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Transfer Quality

Video

     The 25th Reich is presented in an aspect ratio of 2.35:1, in 1080p using the MPEG-4 AVC code.

     There are no complaints about the look of the film; shot using Red One cameras it looks great. Detail is very strong, which unfortunately shows up the flaws in the CGI, colours are deep and rich with some beautiful vistas of the ranges. Images at night are atmospheric, blacks and shadow detail firm. Skin tones are fine and brightness and contrast consistent.

     I did not notice any artefacts or marks.

     No subtitles are provided.

Video Ratings Summary
Sharpness
Shadow Detail
Colour
Grain/Pixelization
Film-To-Video Artefacts
Film Artefacts
Overall

Audio

     Audio is English DTS-HD MA 5.1 or Dolby Digital 5.1. The default is the Dolby Digital, but I listened to the DTS-HD.

     Again, whatever the merits of the film, this is a nice audio track. Dialogue is clear and the rears and surrounds feature ambience and music. There are creature growls in the distance, when O’Brian hears the alien whispers they come from all around the room as does the high pitched sound effect of the time machine. When the giant mosquitoes appear, the sound of insect wings fills the sound stage. The subwoofer supported the mozzies, music and action at the end. The score by Ricky Edwards is rousing and varies between martial marches and sci-fi electronica, thus supporting the film well.

     There are no lip synchronisation issues.

Audio Ratings Summary
Dialogue
Audio Sync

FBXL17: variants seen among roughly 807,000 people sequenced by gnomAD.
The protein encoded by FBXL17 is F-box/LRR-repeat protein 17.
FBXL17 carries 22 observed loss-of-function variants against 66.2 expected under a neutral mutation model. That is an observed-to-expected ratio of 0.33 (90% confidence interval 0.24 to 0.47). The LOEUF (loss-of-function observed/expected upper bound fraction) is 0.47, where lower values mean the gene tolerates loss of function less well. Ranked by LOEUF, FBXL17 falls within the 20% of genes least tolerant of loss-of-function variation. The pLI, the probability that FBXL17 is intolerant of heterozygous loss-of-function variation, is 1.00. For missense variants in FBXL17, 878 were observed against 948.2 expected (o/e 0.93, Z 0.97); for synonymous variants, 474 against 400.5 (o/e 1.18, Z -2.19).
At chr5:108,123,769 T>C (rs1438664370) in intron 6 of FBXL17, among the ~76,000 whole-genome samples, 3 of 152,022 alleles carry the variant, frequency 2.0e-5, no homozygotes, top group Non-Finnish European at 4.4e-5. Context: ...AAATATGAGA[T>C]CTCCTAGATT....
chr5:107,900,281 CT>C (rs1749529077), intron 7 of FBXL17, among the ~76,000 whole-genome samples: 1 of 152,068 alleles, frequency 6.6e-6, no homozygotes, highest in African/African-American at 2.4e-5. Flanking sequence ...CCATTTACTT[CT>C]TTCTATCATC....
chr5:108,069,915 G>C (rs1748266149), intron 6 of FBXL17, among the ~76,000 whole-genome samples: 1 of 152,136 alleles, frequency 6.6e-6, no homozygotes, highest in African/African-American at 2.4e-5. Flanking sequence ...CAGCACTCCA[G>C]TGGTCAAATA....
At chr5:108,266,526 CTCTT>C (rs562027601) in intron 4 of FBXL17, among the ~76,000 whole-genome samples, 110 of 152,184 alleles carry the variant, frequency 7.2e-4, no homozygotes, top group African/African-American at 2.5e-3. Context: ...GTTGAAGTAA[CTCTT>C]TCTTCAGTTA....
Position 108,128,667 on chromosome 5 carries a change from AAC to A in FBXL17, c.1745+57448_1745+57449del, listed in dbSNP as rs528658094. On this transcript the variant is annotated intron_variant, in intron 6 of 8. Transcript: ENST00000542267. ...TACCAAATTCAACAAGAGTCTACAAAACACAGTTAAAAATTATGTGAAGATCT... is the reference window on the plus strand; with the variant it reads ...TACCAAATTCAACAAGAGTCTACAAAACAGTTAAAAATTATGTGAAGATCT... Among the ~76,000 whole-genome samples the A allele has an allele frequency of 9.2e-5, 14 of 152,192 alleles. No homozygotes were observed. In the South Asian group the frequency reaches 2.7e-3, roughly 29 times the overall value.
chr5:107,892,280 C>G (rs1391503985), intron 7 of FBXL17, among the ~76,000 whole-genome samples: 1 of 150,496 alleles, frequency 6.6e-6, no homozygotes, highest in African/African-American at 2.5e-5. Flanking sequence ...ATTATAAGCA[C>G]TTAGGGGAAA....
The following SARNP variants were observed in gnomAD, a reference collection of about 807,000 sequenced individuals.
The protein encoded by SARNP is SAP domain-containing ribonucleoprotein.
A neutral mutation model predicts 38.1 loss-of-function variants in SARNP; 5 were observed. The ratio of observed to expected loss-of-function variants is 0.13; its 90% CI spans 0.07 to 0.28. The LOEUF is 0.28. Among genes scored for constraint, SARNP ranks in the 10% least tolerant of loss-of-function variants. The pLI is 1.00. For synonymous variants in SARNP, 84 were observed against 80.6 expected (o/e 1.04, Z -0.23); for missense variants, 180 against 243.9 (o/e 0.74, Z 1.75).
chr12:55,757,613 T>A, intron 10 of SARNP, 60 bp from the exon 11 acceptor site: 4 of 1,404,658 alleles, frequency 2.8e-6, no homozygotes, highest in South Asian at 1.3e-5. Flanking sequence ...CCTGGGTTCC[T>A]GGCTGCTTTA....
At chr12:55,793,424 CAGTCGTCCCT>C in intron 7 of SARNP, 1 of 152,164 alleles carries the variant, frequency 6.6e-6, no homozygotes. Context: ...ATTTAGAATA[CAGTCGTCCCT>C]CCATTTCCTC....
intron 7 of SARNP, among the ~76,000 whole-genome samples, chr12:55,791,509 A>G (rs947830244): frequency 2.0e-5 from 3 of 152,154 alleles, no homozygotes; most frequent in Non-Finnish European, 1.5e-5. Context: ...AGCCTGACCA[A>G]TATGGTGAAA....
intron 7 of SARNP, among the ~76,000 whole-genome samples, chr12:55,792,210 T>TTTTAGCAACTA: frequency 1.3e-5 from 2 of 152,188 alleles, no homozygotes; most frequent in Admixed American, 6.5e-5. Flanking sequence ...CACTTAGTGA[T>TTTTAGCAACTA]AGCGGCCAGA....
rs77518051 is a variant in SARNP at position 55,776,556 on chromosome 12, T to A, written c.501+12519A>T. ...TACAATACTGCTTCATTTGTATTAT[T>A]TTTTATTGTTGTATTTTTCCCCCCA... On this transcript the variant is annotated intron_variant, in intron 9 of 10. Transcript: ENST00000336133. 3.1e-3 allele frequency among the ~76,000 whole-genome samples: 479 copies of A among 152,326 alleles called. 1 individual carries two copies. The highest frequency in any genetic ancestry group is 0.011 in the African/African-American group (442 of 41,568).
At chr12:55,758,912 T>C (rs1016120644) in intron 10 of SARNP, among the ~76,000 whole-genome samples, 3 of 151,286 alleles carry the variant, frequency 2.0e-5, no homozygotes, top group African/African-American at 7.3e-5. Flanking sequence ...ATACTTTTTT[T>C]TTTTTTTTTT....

Clicks/Pops/Dropouts
Surround Channel Use
Subwoofer
Overall

Extras

Behind the Reich (9:44)

     Some on-set footage plus comments by director Stephen Amis, the production designer, make-up and special effects person, DP David Richardson and all the cast. Everyone praises the film, saying how great it was, and the director but there is not a lot of useful information: probably the best parts are Jak Wyld talking about going out to dinner in Melbourne in character or sound designer Chris Goodes discussing the sound mix of the film.

First Auditions (7:40)

     Audition footage of Jak Wyld and Dan Balcaban.

Just a Little Prick: The Making of the Mozzie Sequence (8:02)

     Some on-set and before and after comparisons plus the director, the cast, mark-up / special effects man Nik Dorning, visual effects supervisor Seldon Whittaker and sound designer Chris Goodes talk about how the sequence was done while production designer Ruth Lyon shows off the giant mosquito model.

Monster Magic (10:37)

     Visual effects supervisor Seldon Whittaker talks us through the creation of some of the CGI effects including the robot spiders, the marsupial lion, the flying saucers and the Nazi city in the future.

Film Trailer (2:16)

Authoring & Design

     One screen of information.

R4 vs R1

NOTE: To view non-R4 releases, your equipment needs to be multi-zone compatible and usually also NTSC compatible.

     There is no US Region A Blu-ray of The 25th Reich listed. There are Region B UK and German releases which seem to be the same as ours, the only variation being a German 3D version.

Summary

     You can see that the filmmakers of The 25th Reich were trying to spoof / pay homage to those sci-fi / lost world B movies from the 50s. Their ambition is impressive, the ideas wide-ranging, the budget tiny; sadly images of soldiers walking over a landscape, however beautiful, do not a complete film make. The 25th Reich has its moments, and whether one thinks the ending is clever, or a cop out is open to debate.

     The video and audio are good, the extras reasonable.

Ratings (out of 5)

Video
Audio
Extras
Plot
Overall

© Ray Nyland (the bio is the thing)
Tuesday, December 26, 2017
Review Equipment
DVDSony BDP-S580, using HDMI output
DisplayLG 55inch HD LCD. This display device has not been calibrated. This display device is 16x9 capable. This display device has a maximum native resolution of 1080p.
Audio DecoderNAD T737. This audio decoder/receiver has not been calibrated.
AmplificationNAD T737
SpeakersStudio Acoustics 5.1